Friday, 8 June 2007

Stick It (DVD) (2006)

You'd be tempted to tell the director to Stick It too

Stick It comes to us direct to DVD because its target audience is pretty limited. I suppose the market for a sports comedy that involves anti-authoritarian, punk-rock posturing brimming over the top with attitude (or attitood") and a fervent believe that infantile rebellion is the path to salvation would probably be defined to a certain writer who makes a living from her pink-themed, foul penned, brutally honest blog, and the few hundred people who look to her as some sort of a role model. The problem, though, is that Wendy Chong has far more authenticity and real attitude in her stick-on nailed pinky than Jessica Bendinger has in this movie.

Let's review: Jessica Bendinger, in her first screenwriting debut, wrote Bring It On, a full of attitude teenage rebellion authority-thumbing comedy about the sport of cheerleading. It was an unexpected hit, which may explain why Bendinger, failing to get any directing or writing spots on the other 3 Bring It On direct-to-DVD sequels, has apparently decided to remake Bring It On, transposing the rebellious teens, the strait-laced coach, and even the corrupt, narrowminded judging committee to a different sport - gymnastics, in this case.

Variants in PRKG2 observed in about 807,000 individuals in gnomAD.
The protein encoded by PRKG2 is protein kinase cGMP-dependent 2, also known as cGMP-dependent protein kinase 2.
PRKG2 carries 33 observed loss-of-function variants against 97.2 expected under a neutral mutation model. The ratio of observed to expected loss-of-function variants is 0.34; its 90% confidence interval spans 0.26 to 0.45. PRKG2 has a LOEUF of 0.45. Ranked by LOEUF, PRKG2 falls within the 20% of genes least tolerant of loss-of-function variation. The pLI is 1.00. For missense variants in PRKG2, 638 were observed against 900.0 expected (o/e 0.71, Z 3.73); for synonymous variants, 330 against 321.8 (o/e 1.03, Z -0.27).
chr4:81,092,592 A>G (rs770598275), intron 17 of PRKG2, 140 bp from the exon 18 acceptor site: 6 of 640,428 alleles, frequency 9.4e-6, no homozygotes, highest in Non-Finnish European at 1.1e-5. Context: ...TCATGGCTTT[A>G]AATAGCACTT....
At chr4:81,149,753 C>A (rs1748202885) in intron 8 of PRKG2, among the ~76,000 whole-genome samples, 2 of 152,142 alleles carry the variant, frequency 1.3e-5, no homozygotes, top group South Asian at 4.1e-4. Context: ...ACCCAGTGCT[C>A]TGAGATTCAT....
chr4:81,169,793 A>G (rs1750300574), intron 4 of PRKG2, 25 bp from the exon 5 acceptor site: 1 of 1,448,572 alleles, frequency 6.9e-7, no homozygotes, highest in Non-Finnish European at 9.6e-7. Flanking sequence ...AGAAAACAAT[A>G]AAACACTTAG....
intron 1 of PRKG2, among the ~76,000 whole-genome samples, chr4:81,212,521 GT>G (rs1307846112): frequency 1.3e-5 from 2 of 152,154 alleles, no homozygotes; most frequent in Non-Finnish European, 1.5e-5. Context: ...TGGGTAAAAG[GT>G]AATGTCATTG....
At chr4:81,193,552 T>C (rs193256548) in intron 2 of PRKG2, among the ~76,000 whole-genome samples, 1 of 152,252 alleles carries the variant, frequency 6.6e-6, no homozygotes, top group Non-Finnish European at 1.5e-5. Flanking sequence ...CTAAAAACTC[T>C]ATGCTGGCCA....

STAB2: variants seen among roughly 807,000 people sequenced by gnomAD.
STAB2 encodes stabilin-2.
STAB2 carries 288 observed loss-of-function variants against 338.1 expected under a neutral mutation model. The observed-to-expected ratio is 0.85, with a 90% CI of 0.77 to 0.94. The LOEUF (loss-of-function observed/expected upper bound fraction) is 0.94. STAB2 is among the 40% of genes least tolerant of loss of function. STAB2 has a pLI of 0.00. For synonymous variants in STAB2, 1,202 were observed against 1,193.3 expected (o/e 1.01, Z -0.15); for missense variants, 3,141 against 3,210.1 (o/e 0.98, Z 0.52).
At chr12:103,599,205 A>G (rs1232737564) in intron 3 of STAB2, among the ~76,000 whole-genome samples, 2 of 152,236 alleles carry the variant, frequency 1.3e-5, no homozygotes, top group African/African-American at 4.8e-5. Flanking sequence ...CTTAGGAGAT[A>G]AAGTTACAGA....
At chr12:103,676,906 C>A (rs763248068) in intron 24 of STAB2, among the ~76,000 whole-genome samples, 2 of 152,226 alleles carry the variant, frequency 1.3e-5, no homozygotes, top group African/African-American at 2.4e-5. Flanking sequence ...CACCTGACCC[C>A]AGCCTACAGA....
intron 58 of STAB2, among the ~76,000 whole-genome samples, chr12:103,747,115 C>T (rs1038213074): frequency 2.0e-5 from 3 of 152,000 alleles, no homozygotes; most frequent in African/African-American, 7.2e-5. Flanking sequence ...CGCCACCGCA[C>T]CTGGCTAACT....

I'm not sure why this can't possibly work, but perhaps it's because Bendinger gets far too lazy with her script, or because she's out of her depth in her directorial debut. To distract you from her utter lack of familiarity with the dynamics of real life gymnastics, Bendinger attempts to pad the film with as much teenspeak posturing by the rebellious heroine or her brainless but catty antagonists as possible, creating as many outlandish and childishly-conceived showdowns between heroine and oppressive authoritarian figures as possible, and when there are sports sequences, what passes for gymnastics routines are actually impossible in real life, but achieved through liberal use of CGI.

Because Bendinger has absolutely no knowledge of the real sport of gymnastics, apparently no intention of actually finding out what goes on at gymnastics competitions and training programmes, and no respect whatsoever for her subject matter, it is no wonder then that the punk-rebellion feel of Stick It rings so false, so hollowly, and so vacuously. If you're in the mood for a real teen rebellion sports comedy, it is a better idea to rent Bring It On, and if you're in the mood for a rebellious gymnastics sports movie that actually knows what it's talking about, you might like to try Personal Best, starring Mariel Hemmingway and Scott Glenn.

First published at incinemas on 8 June 2007

1 comment:

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